The former Governor of Massachusetts is running for Senate in Utah. His victory is not only inevitable but also quite desirable.
A blue wave in this year’s midterm elections might very well be coming, but Utah, despite the hope ignited by the Democratic miracle in Alabama last year, will not turn blue.
Romney, a former missionary, is very popular with Mormon Utahans, who make up for 60% of the electorate in a state — if not a union — where religion is often the deciding factor. Moreover, Romney is praised as the saviour of the 2002 Winter Olympics, held in Utah’s capital Salt Lake City. For all this, Romney is often called Utah’s favourite adopted son.
Romney is not just inevitable, however, he is objectively a good choice. Let me be clear: I do not see eye-to-eye with the Governor on many, if not most, issues. However, conservatism is not going to disappear, and it shouldn’t; plurality of opinion is one of the reasons democracy works.
The better the representatives on each side of the aisle, the more productive the political discussion and the higher the level of our political discourse. Every liberal should hope for the worthiest of conservatives to lead the Republican Party, and every conservative should embrace respectable Democrats.
Why then, would Romney be a good choice? First, there is the potential of Romney standing up to President Trump. Most recently, Romney signalled this in his campaign-launching ad in which he distanced himself from Trump’s immigration policies, saying, “Utah welcomes legal immigrants from around the world. Washington sends immigrants a message of exclusion.”
As for Trump’s endorsement of Romney’s Senate bid, it adds nothing of substance. Other than endorsing Romney publicly, the President had two options, either stay quiet about the issue and wait in silence for Romney’s swearing-in next year or support someone else only to end up on the losing side, like he did in Alabama.
Trump is not a person to stay quiet nor does he want to end up on the losing side again, and he must have seen no reason to anger congressional Republicans by refusing to support Romney — Senate Majority Leader McConnell publicly urged Trump to endorse Romney.
Even though back in 2016 he tweeted, “[i]f Trump had said 4 years ago the things he says today about the KKK, Muslims, Mexicans, disabled, I would NOT have accepted his endorsement,” Romney accepted Trump’s endorsement, tweeting, “Thank you Mr. President for the support. I hope that over the course of the campaign I also earn the support and endorsement of the people of Utah.”
Although that does seem like political posturing, Romney did not have a choice here; had he declined Trump’s endorsement, he would have painted his campaign as an anti-Trump crusade. That is not something a candidate, especially in a red state, can afford to do.
And at the end of the day, the main focus of a campaign is promising to represent the constituents’ best interests – for Romney, given that he’s not a native Utahan, focusing on Utahans’ issues and concerns is crucial, and that is what he smoothly did in that tweet.
After all, even before he launched his campaign, his Democratic opponent, Jenny Wilson, attacked him for this, while Rob Anderson, the Utah Republican Party chairman, criticised Romney for “essentially doing what Hillary Clinton did in New York,” before retracting his comments. Clinton bought a house in New York a little over a year before her election to the Senate, having never lived in the state before, with the White House being her main residence up until that point.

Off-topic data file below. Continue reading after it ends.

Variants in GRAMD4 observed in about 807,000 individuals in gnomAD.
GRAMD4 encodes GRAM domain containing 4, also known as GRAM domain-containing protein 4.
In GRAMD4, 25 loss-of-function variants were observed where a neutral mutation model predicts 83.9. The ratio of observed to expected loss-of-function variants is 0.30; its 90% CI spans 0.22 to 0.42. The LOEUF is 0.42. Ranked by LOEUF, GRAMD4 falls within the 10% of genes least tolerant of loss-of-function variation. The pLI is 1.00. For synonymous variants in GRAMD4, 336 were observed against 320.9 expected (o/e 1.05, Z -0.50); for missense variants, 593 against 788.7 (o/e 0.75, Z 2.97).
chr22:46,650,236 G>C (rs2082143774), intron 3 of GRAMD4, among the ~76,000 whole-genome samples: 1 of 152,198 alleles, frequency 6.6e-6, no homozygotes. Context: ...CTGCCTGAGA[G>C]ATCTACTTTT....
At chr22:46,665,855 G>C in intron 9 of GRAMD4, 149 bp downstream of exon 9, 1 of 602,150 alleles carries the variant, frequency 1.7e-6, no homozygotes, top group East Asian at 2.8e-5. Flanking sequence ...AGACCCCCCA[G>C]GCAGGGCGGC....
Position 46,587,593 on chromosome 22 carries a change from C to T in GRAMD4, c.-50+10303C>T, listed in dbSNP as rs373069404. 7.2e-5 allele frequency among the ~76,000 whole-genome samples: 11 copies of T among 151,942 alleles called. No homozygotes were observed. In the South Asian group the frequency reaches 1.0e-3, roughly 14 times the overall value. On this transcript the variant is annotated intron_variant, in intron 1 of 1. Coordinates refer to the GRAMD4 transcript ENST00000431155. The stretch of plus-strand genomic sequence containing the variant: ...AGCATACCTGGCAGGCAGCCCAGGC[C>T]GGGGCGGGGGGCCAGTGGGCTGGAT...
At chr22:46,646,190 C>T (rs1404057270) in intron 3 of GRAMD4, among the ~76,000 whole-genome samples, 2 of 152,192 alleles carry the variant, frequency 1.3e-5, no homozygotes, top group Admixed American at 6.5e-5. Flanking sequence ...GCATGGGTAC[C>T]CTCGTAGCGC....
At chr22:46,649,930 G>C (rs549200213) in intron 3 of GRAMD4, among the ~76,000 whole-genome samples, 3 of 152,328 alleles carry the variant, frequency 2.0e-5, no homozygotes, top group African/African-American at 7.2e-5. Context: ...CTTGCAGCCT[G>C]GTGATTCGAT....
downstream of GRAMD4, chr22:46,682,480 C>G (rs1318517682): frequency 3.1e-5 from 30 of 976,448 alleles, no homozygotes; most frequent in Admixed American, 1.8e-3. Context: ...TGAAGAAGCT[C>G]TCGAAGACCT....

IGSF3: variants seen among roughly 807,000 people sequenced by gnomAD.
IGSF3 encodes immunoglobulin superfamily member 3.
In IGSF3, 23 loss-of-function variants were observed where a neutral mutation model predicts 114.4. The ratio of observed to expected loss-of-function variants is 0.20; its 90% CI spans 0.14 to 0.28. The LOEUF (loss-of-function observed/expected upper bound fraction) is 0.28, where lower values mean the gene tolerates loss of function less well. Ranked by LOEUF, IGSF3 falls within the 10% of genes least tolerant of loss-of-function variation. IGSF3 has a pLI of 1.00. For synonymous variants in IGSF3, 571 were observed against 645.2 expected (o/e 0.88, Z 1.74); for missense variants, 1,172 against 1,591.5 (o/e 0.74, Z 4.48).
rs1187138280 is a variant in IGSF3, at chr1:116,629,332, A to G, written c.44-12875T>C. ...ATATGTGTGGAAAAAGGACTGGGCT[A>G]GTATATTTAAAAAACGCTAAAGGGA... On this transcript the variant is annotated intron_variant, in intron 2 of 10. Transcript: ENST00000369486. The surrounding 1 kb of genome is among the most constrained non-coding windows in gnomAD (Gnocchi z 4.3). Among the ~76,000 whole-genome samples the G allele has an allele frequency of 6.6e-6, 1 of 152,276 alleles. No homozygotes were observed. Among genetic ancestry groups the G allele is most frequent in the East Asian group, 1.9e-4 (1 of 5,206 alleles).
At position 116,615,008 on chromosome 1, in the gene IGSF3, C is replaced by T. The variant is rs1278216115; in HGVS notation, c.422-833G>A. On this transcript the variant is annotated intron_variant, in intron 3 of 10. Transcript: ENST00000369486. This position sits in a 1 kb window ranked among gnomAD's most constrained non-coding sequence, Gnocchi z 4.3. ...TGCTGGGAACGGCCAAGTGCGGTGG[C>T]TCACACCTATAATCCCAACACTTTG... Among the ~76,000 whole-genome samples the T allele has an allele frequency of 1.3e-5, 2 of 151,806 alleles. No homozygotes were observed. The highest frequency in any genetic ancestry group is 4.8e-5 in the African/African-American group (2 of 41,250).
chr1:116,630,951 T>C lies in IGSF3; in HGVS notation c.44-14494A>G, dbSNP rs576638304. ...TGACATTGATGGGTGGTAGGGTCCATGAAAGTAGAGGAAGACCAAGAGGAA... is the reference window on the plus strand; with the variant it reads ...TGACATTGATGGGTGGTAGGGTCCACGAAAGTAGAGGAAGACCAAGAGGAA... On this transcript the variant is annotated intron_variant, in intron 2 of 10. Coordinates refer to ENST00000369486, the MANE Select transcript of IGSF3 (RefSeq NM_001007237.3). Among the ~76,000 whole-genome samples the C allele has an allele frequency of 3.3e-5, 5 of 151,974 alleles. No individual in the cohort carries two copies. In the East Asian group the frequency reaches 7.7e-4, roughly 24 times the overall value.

Moreover, by accepting Trump’s endorsement, Romney has fended off any possible primary challenge from the right.
Romney meeting with Trump after the latter’s election, and the possibility of the former becoming the Secretary of State, is often used as an argument by many fellow liberals against the former Governor. However, what was Romney supposed to do? Had Romney refused to meet, or even respond to Trump’s call, I, a liberal, would have called him out for it. When the President of the United States (or President-elect) calls, you respond, for when the President calls, the people call.
Moreover, it must be pointed out that Romney was admittedly right about Russia. Russia, as we have seen through the Mueller investigation, has been proven to be “without question our No. 1 geopolitical foe,” as Romney put it in 2012. President Obama, in the defining moment of the third presidential debate in 2012, made fun of Romney for that comment.
It is quite apparent that President Obama was wrong. Was Romney’s comment based on a worldview that sees the world through Cold War mentality, and Obama’s one that thinks — or hopes — that the world’s passed that? Maybe. Regardless, Romney must be given some credit for in some way recognising the grave threat that Russia now poses.
Further evidence, if true, would be recent reports that Russian officials asked the President to avoid picking Romney for Secretary of State. These reports, like everything Christopher Steele has touched, are tough to prove and contested in the political arena, yet appear eminently believable. Regardless of the validity of the report, it is understandable that Russia wouldn’t like to see Romney but Rex Tillerson, former CEO of ExxonMobil with close ties to Russia, as the top US Diplomat.
Tillerson’s State Department was granted $120 million to fight Russian meddling, and it has spent $0. As a Senator, Romney can do a lot to defend national interests and national security, which appear to be under grave threat in the Trump era.
Despite all his faults, Romney understands the importance of diplomacy, values true patriotism, knows that words matter and that true leaders must be held to a higher standard, respect rivals, and carry themselves with dignity and decency. He is a remedy for the disease that is Trump from within the Republican Party.